Shameless Caterpillar Fires 300 American Workers, Hires Foreign Nationals

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By Joe Guzzardi

Joe is a CAPS Senior Writing Fellow whose commentaries about California's social issues have run in newspapers throughout California and the country for nearly 30 years. Contact Joe at, or find him on Twitter @joeguzzardi19.

The writer's views are his own.

September 8, 2016
U.S. workers took another hit this week when Fortune 500 giant Caterpillar announced that it will fire 300 U.S. employees, and replace them with foreign-born H-1B visa holders. Caterpillar, an American corporate icon, is the latest but certainly will not be the last to displace Americans in the pursuit of cheaper, but less skilled, labor.
Caterpillar workers
Caterpillar plows under its American employees.
The 91-year-old Caterpillar is the world leader in the manufacture of mining equipment, and in 2015 generated $47 billion in revenue, and had $3.2 billion in operating income. With $89 billion in assets, Caterpillar ranks No. 59 on the prestigious Fortune 500. Caterpillar’s financial profile is hardly one of a beleaguered company that needs to save a few pennies on cheap labor. Just weeks before the firings, Caterpillar announced that its second-quarter earnings exceeded expectations. And, in 2015, Caterpillar Chairman and CEO Douglas R. Olberhelman earned $15.8 million.
Many of the H-1B visa holders are U.S. college graduates already employed at Caterpillar which adds another problematic dimension to the hurtful displacement process. Eventually, H-1Bs can petition for change of immigration status that will lead to permanent residency, and citizenship. In other words, H-1Bs arrive on a temporary visa, but many never go home. Breitbart reported that Caterpillar has been instrumental in obtaining green cards for about 70 of its H-1B employees.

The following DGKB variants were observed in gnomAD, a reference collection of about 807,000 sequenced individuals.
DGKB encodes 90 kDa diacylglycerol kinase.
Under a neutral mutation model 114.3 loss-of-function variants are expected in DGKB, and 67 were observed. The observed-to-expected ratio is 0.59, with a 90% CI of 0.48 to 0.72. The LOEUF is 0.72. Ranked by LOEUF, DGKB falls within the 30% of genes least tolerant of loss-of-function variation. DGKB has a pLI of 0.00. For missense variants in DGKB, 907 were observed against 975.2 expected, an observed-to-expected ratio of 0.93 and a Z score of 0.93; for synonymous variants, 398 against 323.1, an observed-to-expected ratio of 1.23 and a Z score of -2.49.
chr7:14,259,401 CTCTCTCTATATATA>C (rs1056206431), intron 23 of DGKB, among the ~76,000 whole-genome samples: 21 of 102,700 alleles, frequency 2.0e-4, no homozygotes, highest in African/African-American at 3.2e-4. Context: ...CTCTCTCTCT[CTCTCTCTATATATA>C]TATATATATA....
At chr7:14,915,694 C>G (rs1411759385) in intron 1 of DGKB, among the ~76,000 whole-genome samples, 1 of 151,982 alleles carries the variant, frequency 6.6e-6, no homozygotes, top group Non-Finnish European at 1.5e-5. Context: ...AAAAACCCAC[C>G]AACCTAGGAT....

Caterpillar joins a growing list of corporations that don’t care about their employees or their families. Read the CAPS coverage of the same disgraceful practice – fire Americans, hire foreign nationals – at Disney, Southern California Edison, Toys “R” Us and Abbott Labs.
Losing a job is traumatic and in this prolonged period of slow economic growth and lousy Bureau of Labor Statistics monthly reports, even more stressful. If an employee gets fired in a major job center like New York or San Francisco, he’s got a remote chance of landing on his feet. But many of the Caterpillar victims worked in Mossville, Illinois, a Peoria suburb that’s so tiny that it doesn’t have a mail route. They have few places to turn.
To learn more about the treachery against American workers, read Michelle Malkin and John Miano’s book, “Sold Out,” and see this website that provides more craven details. Finally, get involved. Go to the CAPS Action Alert page here to tell your senators to limit H-1B visas and protect American jobs.

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